Danfoss Lets Energy Savings Do the Talking

April 10, 2006
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Although energy-savings programs have been around for a while, the need for energy-savings data continues to grow as energy costs continue to rise. The North America Motion Controls Division of Danfoss has been working to develop a means to supply accurate data on energy consumption of AC drives and motors.

The software program - Danfoss Graham HVAC Energy Analysis for VLT Series Drives - estimates electrical energy consumption and a simple payback for fan and pump applications that use an AC drive and motor. The software allows the user to select a conventional system and compare it against an AC drive system.

The program was released in late 2004, but it had its roots a lot earlier than that. "I wrote this program in DOS about 15 or 20 years ago," said Ken Fonstad, Danfoss training manager.

Mark Hansen, Danfoss director of business development, said that his company designed the program because its customers want to know the payback cycle of various variable-frequency drive (VFD) motors. "Customers use VFDs in a lot of different applications, and they want to know how soon of a payback they'll get with their energy savings," he said. "Since VFDs are a major component of an HVAC system, it has been very beneficial to have a payback analysis."

He said that most of the major HVAC equipment manufacturers have some type of energy analysis program designed to help customers find better energy solutions in the face of rising energy costs.


Up until now the HVAC Energy Analysis program has been used as a means of showing customers the potential energy savings of a system using VFD drives. "The program as it exists today is a type of presale, allowing the customers to see what the projected energy savings will be," noted Hansen.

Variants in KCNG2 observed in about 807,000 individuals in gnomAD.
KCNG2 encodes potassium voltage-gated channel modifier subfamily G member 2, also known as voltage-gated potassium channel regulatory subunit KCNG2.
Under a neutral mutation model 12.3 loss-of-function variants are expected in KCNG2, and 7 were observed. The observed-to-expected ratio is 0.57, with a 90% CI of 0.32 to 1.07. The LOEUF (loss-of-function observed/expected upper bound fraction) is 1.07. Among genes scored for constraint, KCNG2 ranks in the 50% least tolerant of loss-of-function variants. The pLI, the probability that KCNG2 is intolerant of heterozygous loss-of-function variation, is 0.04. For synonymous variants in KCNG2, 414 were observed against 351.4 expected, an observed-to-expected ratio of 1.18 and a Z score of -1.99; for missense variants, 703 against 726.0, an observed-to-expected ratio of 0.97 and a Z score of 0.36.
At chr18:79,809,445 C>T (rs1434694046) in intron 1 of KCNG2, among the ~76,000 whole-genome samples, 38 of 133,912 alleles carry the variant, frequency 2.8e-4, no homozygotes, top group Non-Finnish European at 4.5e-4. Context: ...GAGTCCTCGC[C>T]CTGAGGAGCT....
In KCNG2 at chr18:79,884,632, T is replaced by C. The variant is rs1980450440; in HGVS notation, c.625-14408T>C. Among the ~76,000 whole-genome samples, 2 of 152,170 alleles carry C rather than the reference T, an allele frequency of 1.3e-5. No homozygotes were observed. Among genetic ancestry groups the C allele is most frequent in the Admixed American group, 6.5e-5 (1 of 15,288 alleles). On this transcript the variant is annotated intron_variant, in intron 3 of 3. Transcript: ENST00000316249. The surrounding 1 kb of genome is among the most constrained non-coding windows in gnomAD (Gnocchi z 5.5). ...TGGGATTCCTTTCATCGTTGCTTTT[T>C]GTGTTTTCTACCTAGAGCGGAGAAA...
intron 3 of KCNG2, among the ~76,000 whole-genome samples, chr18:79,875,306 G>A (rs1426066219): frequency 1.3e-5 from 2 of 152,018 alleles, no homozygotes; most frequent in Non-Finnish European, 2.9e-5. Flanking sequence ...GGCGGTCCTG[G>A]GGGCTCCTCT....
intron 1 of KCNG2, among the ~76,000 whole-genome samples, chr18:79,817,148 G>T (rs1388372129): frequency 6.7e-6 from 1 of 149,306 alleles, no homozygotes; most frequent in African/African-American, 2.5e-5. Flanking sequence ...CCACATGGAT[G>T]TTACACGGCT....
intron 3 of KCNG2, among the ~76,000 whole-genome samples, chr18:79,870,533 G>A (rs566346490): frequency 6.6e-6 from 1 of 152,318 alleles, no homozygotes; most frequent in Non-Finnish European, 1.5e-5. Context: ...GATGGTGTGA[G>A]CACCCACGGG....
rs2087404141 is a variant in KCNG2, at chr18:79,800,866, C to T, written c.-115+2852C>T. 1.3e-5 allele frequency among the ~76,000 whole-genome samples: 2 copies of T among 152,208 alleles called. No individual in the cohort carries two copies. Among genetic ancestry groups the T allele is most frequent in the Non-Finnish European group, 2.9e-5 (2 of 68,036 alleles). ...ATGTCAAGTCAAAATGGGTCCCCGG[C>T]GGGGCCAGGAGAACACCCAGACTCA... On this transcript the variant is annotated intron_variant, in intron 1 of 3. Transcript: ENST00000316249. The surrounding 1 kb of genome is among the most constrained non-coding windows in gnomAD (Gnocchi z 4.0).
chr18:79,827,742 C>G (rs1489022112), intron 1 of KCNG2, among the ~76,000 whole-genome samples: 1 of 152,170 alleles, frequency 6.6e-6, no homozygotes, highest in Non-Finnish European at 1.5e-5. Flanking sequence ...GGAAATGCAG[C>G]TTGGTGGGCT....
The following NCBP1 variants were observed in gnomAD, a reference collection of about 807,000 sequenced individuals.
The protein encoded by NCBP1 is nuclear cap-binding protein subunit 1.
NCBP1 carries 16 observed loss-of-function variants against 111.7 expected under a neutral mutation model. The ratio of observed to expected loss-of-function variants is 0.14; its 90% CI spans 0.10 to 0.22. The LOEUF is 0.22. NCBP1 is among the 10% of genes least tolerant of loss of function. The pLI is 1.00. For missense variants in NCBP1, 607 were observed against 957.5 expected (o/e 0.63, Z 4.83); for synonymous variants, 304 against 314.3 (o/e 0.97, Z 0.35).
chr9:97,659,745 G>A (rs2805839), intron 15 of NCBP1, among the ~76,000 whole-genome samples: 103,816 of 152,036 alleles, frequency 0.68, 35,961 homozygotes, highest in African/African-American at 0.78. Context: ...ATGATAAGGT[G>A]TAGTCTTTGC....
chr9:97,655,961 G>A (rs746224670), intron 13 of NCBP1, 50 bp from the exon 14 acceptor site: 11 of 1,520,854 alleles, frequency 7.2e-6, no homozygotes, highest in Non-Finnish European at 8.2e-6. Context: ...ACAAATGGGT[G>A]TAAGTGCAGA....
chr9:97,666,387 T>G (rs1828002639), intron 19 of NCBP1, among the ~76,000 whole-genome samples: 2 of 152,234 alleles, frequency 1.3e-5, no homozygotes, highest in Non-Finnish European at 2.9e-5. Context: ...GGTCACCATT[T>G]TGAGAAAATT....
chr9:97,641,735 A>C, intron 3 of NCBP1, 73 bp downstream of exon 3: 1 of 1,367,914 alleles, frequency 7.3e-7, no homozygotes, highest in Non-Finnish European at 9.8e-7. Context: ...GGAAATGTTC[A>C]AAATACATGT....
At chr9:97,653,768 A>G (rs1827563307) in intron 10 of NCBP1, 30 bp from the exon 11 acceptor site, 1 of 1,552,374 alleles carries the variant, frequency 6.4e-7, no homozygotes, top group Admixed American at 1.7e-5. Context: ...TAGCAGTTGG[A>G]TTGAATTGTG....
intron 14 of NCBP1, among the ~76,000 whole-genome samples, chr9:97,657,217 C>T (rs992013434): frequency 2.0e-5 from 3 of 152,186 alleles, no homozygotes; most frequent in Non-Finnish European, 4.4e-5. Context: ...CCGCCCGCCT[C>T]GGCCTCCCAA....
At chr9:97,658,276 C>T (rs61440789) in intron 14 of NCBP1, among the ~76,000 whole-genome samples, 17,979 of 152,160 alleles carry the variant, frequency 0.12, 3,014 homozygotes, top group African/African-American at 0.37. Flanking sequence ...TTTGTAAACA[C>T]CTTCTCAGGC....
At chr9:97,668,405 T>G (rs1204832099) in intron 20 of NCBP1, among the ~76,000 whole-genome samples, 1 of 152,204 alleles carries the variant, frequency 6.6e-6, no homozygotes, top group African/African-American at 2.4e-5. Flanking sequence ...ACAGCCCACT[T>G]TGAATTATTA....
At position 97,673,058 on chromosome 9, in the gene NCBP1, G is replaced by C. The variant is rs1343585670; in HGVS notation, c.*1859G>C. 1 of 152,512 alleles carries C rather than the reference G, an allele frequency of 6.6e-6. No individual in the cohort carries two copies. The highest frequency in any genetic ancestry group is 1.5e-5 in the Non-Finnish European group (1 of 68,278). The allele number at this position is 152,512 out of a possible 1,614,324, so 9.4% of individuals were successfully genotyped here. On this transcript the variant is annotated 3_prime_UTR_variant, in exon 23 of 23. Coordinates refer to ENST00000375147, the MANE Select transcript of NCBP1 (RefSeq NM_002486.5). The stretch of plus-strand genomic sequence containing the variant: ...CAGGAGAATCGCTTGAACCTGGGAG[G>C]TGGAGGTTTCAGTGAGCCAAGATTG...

The current scenario is the customer applying the VFD to their system and needing data to support their decision. Danfoss would calculate the costs to install the drives and operate the system based on current energy costs and at the end of a designated time period, the customer would be able to ask, "Did the VFDs do what you said they would do?"

A new use for the program will occur sometime around July, when Danfoss will introduce its VLT Series HVAC VFDs. This new line will allow for monitoring through a USB port on the drive.

"The program will be able to communicate directly with the drive and download a profile of the building," said Hansen. "You can run the program on a laptop, even two years later, and get an energy profile of a building.

"The program, when used with the new drives, will allow us to do a post-analysis of how the VFDs have performed."

Fonstad said the program has a nice balance between basic information and more advanced information. "If you just need a basic calculation you can ignore the advanced features and still get a very accurate calculation," he said. "This is done to satisfy the high-tech people and those who need to crank out a quick answer."

The program takes into account the system curve rather than just the fan or pump curve. "Most programs I have seen don't offer this feature and don't accurately model the system," Fonstad said. "The goal is to get the most accurate results."

He also talked about the importance of analysis based on all of the costs and operating data that go into an HVAC system. These factors can be seen on the startup screen in a seven-step process, which include:

1. Customer information

2. System data

3. Select comparison system

4. Initial and annual costs

5. Energy calculations

6. Energy savings

7. Save, print, e-mail or export analysis report.

"We've had a lot of success with the product and have a couple of major OEM customers who have used the program on a consistent basis," said Hansen. "The product allows us to presale and to troubleshoot the system for our customer on the back end."

For more information, visit www.danfoss.com.

Publication date: 04/10/2006

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